Memo to Golf Digest: The Rest of the World Plays Golf – and Drinks – Too. Building a Better 19th Hole

I love this view of the Old Course at St. Andrews while sipping a wee dram of malt whisky neat after a memorable round. The editors at Golf Digest would rather stare at downtown Seattle.

I don’t usually read Golf Digest but today I went to their website to try to look at their rankings of the best courses in the world.

Woops, they don’t have one.

Golf Magazine’s Top 100 lists are the industry’s standard, and while I often disagree with individual ratings, and anyone who looks at the lists will think “this course does not belong or that one should be higher,” Golf nonetheless has become the de facto authority for making the claim that a particular course is ranked 12th in the world, or 27th best public, or the best in Kentucky, or whatever. You will see these ratings often quoted in articles, including mine, just as you might see that a luxury hotel has earned the highest possible 5 Mobil (now Forbes) Stars, or 5 AAA Diamonds, or a restaurant 3 Michelin stars, or another restaurant the highest score from the Zagat Survey. Like these imperfect rating systems, Golf Magazine has become accepted, if not foolproof.

But once in a while I like to see how the two biggest golf magazines differ in their opinions, and I was researching rankings of courses in Australia, so I went to Golf Digest, who also puts out best public and private/public lists with much fanfare and was surprised to find they don’t rank the rest of the world.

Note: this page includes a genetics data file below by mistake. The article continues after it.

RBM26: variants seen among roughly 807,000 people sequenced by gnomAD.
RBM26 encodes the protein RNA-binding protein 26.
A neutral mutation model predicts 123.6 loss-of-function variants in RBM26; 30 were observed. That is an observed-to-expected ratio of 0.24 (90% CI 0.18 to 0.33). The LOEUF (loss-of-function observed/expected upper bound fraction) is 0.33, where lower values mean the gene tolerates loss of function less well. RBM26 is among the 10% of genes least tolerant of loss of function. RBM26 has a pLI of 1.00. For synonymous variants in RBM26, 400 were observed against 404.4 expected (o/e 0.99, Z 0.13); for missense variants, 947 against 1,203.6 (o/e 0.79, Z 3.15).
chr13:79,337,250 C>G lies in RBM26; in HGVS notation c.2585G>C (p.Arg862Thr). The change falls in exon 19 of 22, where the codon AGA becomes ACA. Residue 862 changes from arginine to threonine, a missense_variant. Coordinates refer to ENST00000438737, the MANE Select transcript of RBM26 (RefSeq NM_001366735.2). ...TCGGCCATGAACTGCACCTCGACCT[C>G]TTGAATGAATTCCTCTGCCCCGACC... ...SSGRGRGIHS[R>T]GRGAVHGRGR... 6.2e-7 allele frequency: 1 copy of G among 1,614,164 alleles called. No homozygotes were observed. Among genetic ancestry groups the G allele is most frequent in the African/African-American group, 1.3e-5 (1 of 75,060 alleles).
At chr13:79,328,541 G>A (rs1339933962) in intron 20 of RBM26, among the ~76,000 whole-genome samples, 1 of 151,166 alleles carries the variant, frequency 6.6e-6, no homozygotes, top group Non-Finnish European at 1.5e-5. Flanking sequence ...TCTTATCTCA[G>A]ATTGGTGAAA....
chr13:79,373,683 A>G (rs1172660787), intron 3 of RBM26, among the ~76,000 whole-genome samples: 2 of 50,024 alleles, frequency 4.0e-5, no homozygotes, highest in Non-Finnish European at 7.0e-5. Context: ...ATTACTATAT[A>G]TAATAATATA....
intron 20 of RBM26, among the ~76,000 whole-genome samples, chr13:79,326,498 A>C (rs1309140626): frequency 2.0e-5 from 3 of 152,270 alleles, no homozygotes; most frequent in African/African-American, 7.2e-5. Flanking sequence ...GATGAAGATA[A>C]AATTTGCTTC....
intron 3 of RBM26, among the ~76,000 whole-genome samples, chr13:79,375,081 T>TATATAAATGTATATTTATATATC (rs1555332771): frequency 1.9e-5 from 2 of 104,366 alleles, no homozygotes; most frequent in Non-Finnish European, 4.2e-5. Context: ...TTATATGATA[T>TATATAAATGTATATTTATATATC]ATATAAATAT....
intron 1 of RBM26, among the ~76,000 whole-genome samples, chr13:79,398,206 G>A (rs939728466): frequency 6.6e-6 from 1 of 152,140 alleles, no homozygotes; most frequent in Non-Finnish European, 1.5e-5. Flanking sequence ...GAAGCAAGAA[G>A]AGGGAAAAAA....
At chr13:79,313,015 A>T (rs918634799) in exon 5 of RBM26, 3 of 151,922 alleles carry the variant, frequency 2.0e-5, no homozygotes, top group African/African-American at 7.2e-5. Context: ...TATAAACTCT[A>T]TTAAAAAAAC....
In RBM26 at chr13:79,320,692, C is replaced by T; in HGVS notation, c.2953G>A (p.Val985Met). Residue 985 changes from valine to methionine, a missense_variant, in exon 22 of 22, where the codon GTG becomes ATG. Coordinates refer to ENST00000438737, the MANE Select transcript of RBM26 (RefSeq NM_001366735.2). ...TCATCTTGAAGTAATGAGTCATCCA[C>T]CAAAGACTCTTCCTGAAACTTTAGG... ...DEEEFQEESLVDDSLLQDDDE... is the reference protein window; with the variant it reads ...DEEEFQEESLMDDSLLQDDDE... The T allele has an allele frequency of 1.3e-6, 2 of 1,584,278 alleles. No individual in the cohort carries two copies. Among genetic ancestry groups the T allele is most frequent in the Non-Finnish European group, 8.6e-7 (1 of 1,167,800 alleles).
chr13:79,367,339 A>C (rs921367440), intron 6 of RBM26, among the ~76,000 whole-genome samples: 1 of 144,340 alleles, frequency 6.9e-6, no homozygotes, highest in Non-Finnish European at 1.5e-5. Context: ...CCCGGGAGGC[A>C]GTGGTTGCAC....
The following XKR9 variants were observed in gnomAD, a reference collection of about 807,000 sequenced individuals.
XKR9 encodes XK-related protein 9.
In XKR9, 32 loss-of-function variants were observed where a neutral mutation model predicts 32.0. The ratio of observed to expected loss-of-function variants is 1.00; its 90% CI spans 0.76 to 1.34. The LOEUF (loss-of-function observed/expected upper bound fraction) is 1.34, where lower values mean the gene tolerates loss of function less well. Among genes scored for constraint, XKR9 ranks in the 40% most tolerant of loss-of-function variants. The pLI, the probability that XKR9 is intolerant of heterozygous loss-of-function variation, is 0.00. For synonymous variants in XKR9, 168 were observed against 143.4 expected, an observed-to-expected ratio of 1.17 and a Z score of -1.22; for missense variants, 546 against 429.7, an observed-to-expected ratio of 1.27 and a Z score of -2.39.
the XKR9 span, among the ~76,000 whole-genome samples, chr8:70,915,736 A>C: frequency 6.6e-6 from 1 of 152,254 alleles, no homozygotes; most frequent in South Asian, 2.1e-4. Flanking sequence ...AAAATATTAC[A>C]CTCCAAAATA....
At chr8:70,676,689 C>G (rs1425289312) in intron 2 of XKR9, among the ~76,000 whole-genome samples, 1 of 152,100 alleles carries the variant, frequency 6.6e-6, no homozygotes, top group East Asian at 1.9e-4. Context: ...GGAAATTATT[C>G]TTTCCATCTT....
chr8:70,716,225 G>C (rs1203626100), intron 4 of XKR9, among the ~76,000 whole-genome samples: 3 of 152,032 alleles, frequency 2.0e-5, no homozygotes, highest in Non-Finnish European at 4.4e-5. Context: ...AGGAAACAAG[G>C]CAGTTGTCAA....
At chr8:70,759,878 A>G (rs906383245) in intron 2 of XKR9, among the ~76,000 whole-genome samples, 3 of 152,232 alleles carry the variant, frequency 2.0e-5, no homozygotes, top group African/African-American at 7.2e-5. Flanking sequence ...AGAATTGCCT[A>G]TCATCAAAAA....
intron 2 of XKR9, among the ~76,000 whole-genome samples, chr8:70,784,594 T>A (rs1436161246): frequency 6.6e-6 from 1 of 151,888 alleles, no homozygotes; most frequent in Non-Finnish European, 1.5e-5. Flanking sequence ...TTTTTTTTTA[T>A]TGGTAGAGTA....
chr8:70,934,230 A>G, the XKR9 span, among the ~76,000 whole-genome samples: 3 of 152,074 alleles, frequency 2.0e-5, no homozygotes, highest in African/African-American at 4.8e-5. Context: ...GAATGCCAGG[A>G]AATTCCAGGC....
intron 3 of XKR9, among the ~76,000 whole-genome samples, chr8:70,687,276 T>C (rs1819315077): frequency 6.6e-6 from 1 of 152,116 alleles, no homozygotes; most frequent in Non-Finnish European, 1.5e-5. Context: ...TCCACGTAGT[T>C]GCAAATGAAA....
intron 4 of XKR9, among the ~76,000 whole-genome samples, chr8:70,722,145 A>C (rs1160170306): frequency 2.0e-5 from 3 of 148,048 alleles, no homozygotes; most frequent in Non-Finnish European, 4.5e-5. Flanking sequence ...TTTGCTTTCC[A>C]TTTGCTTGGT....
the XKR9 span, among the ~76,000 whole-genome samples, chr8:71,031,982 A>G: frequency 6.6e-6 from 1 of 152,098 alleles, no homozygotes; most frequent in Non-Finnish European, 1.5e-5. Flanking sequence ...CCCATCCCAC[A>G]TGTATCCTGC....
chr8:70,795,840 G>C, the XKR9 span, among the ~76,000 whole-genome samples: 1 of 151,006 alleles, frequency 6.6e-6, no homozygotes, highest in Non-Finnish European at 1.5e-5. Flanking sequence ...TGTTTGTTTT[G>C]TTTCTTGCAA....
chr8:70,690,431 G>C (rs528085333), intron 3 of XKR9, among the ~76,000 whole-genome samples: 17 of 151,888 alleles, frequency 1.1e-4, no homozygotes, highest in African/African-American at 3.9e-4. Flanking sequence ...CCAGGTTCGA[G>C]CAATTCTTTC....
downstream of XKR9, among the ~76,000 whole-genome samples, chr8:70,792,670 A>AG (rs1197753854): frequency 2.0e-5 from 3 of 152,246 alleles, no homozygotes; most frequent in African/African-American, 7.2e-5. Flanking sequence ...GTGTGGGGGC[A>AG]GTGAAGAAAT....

That is understandable, as it would cost them a lot of money to get staffers, panelists or assorted golf experts like myself to cover the globe for them.

What’s not understandable was another promising list I found while poking around their website, Golf Digest’s Best 19th Holes. Now there is a topic that gets my heart beating, and one I have equally strong feelings about as course design. But once again, it turns out that their expertise on this topic is quite provincial and limited only to the good old US of A. That’s not acceptable. At least their golf course list is called “America’s 100 Greatest.” There is nothing in this bar roundup to suggest it won’t be global, and Golf Digest does in fact write articles on international travel and even covers the British Open every year. I think if Golf Digest wants to continue to pursue this logic of rating only courses and bars at home, the magazine should be renamed Golf Digest US, or Domestic Golf Digest, or something to explain their lack of global perspective.

Friendly reminder to Golf Digest’s editors: the game after all, was invented in Scotland. The largest golf resort on earth is in China, Melbourne has more great public-access courses than any city on earth, and the only places golf is growing is overseas. Do they know it is even going to be played at the Olympics?

In any case, the list is lame, even by domestic standards.

Maybe I should start my own 19th hole list, here and abroad. Consider these examples:

Golf Digest: Flint Hills National Golf Club, Andover, KS: “two antique M&Ms dispensers”
Larry’s 19th Holes: Ardglass, Northern Ireland: “pints in the oldest building in the world in use as a golf clubhouse today.”

Golf Digest: The Golf Club at Newcastle, Newcastle, WA: “incredible views of downtown Seattle.”
Larry’s 19th Holes:  Road Hole Bar, St, Andrews “largest whisky selection in Scotland, overlooks Swilcan Bridge and Road Hole on the Old Course.”

Golf Digest: Patty Jewett Golf Course, Colorado Springs, CO: “third oldest public west of the Mississippi, great drink prices.”
Larry’s 19th Holes: Moon Palace Golf Club, Cancun, Mexico “fresh chips, salsa, guacamole, and assorted hot local appetizers, top shelf margaritas and draft cervezas – and it’s all free.”

I’ll let the public judge.

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